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On 23 September 2019, the new statutory regime for the regulation of insurance intermediaries will take effect.

This represents the final stage of implementation of the insurance reforms which established the Insurance Authority (IA) as Hong Kong’s independent insurance regulator. The IA assumed the regulatory responsibilities of the Office of the Commissioner of Insurance in June 2017 and will take over the regulation of insurance intermediaries (agents and brokers) from the three self-regulatory organisations (SROs) on 23 September 2019. On the same day, the requirements relating to the intermediary management function, one of the control functions of an authorised insurer, will also come into effect.

The IA will be responsible for all aspects of regulation of insurance intermediaries, including issuing rules, codes and guidelines, approving licences, monitoring compliance, conducting inspections and investigations, and imposing disciplinary sanctions where breaches have occurred.

In the lead-up to 23 September 2019, authorised insurers and insurance intermediaries should conduct a final review (if they have not already done so) to ensure that they are ready to comply with all relevant requirements under the new regime.

In this e-bulletin, we provide an overview of the new rules, codes and guidelines which will apply under the new regime, as well as the transitional arrangements relating to licensing, approval of key persons in the intermediary management control function, and ongoing complaint and disciplinary cases.

New rules, codes and guidelines

In preparation for the launch of the new regime, the IA consulted on and finalised a set of new rules, codes and guidelines applicable to insurance intermediaries.

The amendments to the Insurance Ordinance which relate to the new regime, together with the new rules, codes and guidelines, will come into effect on 23 September 2019, except for the requirements relating to the new minimum continuing professional development (CPD) hours under the Guideline on Continuing Professional Development for Licensed Insurance Intermediaries, which will take effect at the start of the CPD assessment period beginning on 1 August 2021.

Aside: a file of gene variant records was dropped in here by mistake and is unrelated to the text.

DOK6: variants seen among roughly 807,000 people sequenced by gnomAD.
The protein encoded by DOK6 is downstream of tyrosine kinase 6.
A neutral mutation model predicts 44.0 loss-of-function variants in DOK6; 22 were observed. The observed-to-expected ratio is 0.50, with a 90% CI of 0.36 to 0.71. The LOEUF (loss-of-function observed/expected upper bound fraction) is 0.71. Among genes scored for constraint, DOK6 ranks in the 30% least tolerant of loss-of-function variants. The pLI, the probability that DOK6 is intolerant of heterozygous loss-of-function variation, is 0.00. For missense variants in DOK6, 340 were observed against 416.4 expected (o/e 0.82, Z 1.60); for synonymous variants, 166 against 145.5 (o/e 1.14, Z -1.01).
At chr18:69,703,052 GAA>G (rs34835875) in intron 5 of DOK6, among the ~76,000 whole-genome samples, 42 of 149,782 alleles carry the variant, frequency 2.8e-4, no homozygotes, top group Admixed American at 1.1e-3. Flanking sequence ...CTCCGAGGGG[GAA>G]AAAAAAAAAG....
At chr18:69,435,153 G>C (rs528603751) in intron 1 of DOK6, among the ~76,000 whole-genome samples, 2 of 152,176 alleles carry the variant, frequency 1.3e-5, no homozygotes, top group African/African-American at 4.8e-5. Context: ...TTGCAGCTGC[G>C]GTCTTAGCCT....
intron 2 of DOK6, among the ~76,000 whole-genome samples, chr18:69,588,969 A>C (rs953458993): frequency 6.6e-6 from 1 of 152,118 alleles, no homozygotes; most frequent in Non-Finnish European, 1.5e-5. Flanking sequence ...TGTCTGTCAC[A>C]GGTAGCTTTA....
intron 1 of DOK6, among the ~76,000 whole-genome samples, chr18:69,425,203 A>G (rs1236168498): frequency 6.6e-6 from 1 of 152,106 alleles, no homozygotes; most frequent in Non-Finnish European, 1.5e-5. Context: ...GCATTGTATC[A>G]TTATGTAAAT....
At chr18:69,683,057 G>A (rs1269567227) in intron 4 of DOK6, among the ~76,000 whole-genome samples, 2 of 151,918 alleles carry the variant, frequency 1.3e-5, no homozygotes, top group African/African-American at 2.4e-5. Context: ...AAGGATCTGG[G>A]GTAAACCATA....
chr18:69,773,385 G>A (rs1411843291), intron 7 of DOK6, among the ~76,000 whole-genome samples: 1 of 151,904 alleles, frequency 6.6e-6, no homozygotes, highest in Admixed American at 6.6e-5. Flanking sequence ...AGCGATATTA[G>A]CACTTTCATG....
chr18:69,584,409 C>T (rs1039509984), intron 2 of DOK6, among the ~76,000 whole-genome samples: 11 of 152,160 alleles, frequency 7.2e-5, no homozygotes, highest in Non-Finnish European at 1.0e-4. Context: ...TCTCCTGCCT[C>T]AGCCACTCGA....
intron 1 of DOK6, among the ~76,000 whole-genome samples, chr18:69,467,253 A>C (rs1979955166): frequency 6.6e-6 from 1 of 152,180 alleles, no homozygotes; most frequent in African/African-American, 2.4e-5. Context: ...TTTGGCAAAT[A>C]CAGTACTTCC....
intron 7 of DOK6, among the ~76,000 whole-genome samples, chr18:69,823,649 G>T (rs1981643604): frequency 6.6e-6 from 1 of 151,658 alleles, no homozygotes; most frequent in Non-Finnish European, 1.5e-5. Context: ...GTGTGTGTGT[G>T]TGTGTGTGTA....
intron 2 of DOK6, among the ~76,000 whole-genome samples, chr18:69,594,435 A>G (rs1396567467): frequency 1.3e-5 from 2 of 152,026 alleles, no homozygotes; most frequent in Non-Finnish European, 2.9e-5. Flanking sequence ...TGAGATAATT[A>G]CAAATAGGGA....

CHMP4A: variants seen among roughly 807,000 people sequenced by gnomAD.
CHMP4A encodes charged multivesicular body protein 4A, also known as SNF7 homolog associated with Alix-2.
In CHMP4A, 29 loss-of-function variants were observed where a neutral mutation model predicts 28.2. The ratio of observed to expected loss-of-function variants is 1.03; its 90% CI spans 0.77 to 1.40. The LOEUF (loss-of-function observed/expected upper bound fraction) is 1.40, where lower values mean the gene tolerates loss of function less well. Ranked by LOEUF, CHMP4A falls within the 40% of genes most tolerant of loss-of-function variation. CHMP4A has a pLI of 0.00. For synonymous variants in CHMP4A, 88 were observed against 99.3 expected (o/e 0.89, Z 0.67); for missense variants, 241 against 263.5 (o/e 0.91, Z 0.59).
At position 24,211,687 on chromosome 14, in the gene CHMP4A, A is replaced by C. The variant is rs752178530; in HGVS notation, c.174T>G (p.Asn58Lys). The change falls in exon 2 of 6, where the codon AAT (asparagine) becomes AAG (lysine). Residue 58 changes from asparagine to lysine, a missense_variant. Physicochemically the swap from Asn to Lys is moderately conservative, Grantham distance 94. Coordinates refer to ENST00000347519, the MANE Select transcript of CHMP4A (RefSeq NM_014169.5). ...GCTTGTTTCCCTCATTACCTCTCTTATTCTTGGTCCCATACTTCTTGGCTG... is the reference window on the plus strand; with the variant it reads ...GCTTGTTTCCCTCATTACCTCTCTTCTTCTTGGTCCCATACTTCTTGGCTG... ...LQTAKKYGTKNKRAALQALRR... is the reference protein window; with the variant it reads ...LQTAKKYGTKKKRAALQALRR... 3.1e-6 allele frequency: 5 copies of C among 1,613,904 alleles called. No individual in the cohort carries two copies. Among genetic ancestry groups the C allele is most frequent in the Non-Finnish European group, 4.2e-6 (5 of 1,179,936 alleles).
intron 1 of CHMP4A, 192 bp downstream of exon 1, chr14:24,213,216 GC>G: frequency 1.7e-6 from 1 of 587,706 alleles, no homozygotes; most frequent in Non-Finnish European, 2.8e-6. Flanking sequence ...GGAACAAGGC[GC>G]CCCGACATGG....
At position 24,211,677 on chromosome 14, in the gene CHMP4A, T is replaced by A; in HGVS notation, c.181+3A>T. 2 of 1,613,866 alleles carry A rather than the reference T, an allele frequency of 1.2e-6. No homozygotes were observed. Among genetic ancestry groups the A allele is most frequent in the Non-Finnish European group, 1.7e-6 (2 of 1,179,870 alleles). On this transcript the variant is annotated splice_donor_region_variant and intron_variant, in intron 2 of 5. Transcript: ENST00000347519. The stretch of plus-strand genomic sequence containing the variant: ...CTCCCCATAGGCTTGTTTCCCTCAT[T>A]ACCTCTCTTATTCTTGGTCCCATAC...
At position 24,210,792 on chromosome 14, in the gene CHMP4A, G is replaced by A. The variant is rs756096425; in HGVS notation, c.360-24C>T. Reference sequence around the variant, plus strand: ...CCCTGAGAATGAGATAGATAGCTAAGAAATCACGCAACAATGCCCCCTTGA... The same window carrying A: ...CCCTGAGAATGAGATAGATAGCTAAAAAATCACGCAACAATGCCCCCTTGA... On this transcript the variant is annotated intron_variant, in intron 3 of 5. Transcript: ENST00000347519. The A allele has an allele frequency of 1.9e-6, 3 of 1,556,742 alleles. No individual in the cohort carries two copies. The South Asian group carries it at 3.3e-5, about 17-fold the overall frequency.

Please see the final section below for an overview of the new rules, codes and guidelines.

Licensing status post 23 September 2019

All insurance intermediaries (including brokers, agents, their chief executives / responsible officers and their technical representatives) who are validly registered with the SROs immediately before 23 September 2019 will be deemed as licensees under the new regime for a three-year transitional period.

Individuals who are validly registered as responsible officers of insurance agencies or chief executives of broker companies will also be deemed as responsible officers under the new regime over the transitional period.

The categories of licences under the new regime, as mirrored against the categories of registrations under the current regime, are set out in our earlier bulletin.

There is no need for deemed licensees to lodge applications for formal licences under the new regime at this stage. The IA will advise the deemed licensees to make such applications during the transitional period.

All deemed licensees will be assigned a licence number for the new regime. The IA will add a search function to its website to enable deemed licensees to search for their licence numbers based on their SRO registration numbers.

Separately, the Hong Kong Monetary Authority (HKMA) has issued a circular to authorised institutions who are (or intend to apply to be) licensed insurance intermediaries to provide guidance regarding the sufficiency of authority of responsible officers.

Insurance Intermediaries Connect portal

The IA will set up a new online portal, the Insurance Intermediaries Connect, to facilitate electronic licence applications, the reporting of CPD hours and updating of personal particulars. Intermediaries should open a supervisor’s account with the IA for the use of the portal. The application form for opening the account can be found on this IA webpage.